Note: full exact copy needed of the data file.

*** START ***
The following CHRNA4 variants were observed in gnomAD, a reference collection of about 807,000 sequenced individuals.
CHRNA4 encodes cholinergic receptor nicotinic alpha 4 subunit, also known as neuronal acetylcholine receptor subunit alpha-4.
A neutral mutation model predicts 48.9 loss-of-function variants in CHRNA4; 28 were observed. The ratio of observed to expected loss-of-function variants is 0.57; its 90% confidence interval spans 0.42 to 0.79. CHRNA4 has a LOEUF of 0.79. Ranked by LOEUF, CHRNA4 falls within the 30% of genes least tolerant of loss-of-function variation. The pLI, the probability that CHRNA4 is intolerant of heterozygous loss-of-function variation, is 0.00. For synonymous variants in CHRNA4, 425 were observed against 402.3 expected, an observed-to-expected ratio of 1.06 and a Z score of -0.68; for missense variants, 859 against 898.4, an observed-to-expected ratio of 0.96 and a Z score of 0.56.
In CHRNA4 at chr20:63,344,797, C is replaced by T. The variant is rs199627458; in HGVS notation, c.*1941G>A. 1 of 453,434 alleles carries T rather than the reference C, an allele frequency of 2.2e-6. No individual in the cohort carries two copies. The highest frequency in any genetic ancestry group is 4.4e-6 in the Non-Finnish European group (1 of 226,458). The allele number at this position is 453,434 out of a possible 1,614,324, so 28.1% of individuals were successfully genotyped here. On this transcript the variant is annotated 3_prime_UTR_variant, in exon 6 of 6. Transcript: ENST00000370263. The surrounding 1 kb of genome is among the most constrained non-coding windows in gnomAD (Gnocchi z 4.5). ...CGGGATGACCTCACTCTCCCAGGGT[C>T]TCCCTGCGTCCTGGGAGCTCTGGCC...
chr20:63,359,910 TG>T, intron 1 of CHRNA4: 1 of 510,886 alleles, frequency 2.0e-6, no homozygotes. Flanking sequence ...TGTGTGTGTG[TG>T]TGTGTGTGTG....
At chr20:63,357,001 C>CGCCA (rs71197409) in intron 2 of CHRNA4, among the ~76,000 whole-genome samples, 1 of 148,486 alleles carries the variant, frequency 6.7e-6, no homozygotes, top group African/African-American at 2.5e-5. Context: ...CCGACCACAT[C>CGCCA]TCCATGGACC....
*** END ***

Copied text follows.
The following CHRNA4 variants were observed in gnomAD, a reference collection of about 807,000 sequenced individuals.
CHRNA4 encodes cholinergic receptor nicotinic alpha 4 subunit, also known as neuronal acetylcholine receptor subunit alpha-4.
A neutral mutation model predicts 48.9 loss-of-function variants in CHRNA4; 28 were observed. The ratio of observed to expected loss-of-function variants is 0.57; its 90% confidence interval spans 0.42 to 0.79. CHRNA4 has a LOEUF of 0.79. Ranked by LOEUF, CHRNA4 falls within the 30% of genes least tolerant of loss-of-function variation. The pLI, the probability that CHRNA4 is intolerant of heterozygous loss-of-function variation, is 0.00. For synonymous variants in CHRNA4, 425 were observed against 402.3 expected, an observed-to-expected ratio of 1.06 and a Z score of -0.68; for missense variants, 859 against 898.4, an observed-to-expected ratio of 0.96 and a Z score of 0.56.
In CHRNA4 at chr20:63,344,797, C is replaced by T. The variant is rs199627458; in HGVS notation, c.*1941G>A. 1 of 453,434 alleles carries T rather than the reference C, an allele frequency of 2.2e-6. No individual in the cohort carries two copies. The highest frequency in any genetic ancestry group is 4.4e-6 in the Non-Finnish European group (1 of 226,458). The allele number at this position is 453,434 out of a possible 1,614,324, so 28.1% of individuals were successfully genotyped here. On this transcript the variant is annotated 3_prime_UTR_variant, in exon 6 of 6. Transcript: ENST00000370263. The surrounding 1 kb of genome is among the most constrained non-coding windows in gnomAD (Gnocchi z 4.5). ...CGGGATGACCTCACTCTCCCAGGGT[C>T]TCCCTGCGTCCTGGGAGCTCTGGCC...
chr20:63,359,910 TG>T, intron 1 of CHRNA4: 1 of 510,886 alleles, frequency 2.0e-6, no homozygotes. Flanking sequence ...TGTGTGTGTG[TG>T]TGTGTGTGTG....
At chr20:63,357,001 C>CGCCA (rs71197409) in intron 2 of CHRNA4, among the ~76,000 whole-genome samples, 1 of 148,486 alleles carries the variant, frequency 6.7e-6, no homozygotes, top group African/African-American at 2.5e-5. Context: ...CCGACCACAT[C>CGCCA]TCCATGGACC....